once you dig deep, crunch the numbers and reflect hard on the question of how much you truly need a vehicle - particularly in an urban neighbourhood - it starts to become clear that vehicle ownership is not a slam-dunk necessity.
— René Prefontaine | Shift Development

8 minutes

Let me start by making a confession. At my core, I am an automotive enthusiast. I grew up in small town Saskatchewan, a place where muscle cars and old pickup trucks run free like wild horses. In small towns, people know their vehicles like city dwellers know their coffee, and for me this was certainly the case. I’ve repaired and tuned a number of vehicles with my own hands, including a 1976 Dodge D100 half ton with a Slant Six engine, a 1985 Ford F250, and a 1986 Toyota Celica GTS with 2.0 Litre Twin Cam engine. That car was fast. I may or may not have breached 210kms/hour with it.

My point is, I have a long-standing and involved relationship - and dependency - with automotives. Since I’ve moved to Riversdale, however, this has drastically changed and it has been for the better.

I have worked in Riversdale for almost four years and lived here just over two. It’s been an incredible experience. I’m often asked what it’s like living here, and the list of things I appreciate is long. One aspect that really stands out, though, is how little I drive now. Looking back on the last two years of my life, I have noticed four major benefits from choosing to keep my car parked more often. And I believe anyone can reap the benefits of choosing walking or biking over driving, whether you live in Riversdale, Rosewood, or Bora Bora.

 

1 - Your health will improve

Prolonged sitting is not good for people and their health. Quite a few of us (including me) spend a significant amount of time sitting at work.  And using a vehicle to get to work – or anywhere - adds to the total amount of time you spend sitting in a day.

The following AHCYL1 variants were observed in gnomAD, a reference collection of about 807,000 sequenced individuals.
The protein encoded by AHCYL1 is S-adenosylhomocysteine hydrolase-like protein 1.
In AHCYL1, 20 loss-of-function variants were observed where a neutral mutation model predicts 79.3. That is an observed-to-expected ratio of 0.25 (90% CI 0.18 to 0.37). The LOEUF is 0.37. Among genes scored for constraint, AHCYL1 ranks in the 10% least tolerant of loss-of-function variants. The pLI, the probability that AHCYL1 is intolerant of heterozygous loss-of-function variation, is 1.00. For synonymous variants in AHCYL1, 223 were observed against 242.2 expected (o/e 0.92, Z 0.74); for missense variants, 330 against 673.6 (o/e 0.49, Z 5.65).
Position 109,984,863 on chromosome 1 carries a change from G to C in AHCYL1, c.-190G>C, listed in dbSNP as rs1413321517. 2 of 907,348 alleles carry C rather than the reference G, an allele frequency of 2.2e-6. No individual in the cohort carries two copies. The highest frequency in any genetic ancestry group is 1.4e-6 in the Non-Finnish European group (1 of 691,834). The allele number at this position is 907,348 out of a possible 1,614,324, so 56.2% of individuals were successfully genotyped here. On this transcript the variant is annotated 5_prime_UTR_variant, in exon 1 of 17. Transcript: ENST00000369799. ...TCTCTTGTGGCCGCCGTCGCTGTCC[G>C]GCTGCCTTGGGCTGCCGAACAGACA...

Let’s be honest, a vehicle is basically a comfy chair in a sealed dome on wheels; It’s luxury mobile sitting. Sleep all night, sit all day, lay on the couch, then go to bed. Wash, rinse, repeat. That’s a lot of sitting for a typical person. Our bodies are built to move, so the more you do it, the better. Choosing to walk or bike to get around reduces the total amount of time you spend sitting in a day, and when you get your body is moving and your blood is circulating, this helps keep your mind alert and lifts your mood, thanks to an  increased production of dopamine from the exercise walking or biking provides.

 

2 - Your social connections will expand

So, you’re outside now and moving along. Great. What comes next? What I've  discovered is the increased connection to my environment and the people in it. How often do you think you meet people while traveling in vehicle?  You don’t. At least not very often.

I meet people on my way to and from work all the time, mainly because Riversdale is peppered with hubs of activity, all clustered together. There are great coffee shops, bus stops, the Farmers' Market, River Landing, and some of the absolute best restaurants in this city at your fingertips.

Riversdale is a diverse place, and these hubs attract and circulate people in the neighborhood, each in their own distinct ways.  Bumping into shopkeepers, colleagues, strangers and friends is common and it keeps me connected to the scene. It’s difficult to access these random interactions travelling in a vehicle, because like I said, it’s a sealed dome on wheels. It’s an isolation chamber that keeps you out of the mix, instead of in the thick of it.

 

3 - You’ll have more cash in your pocket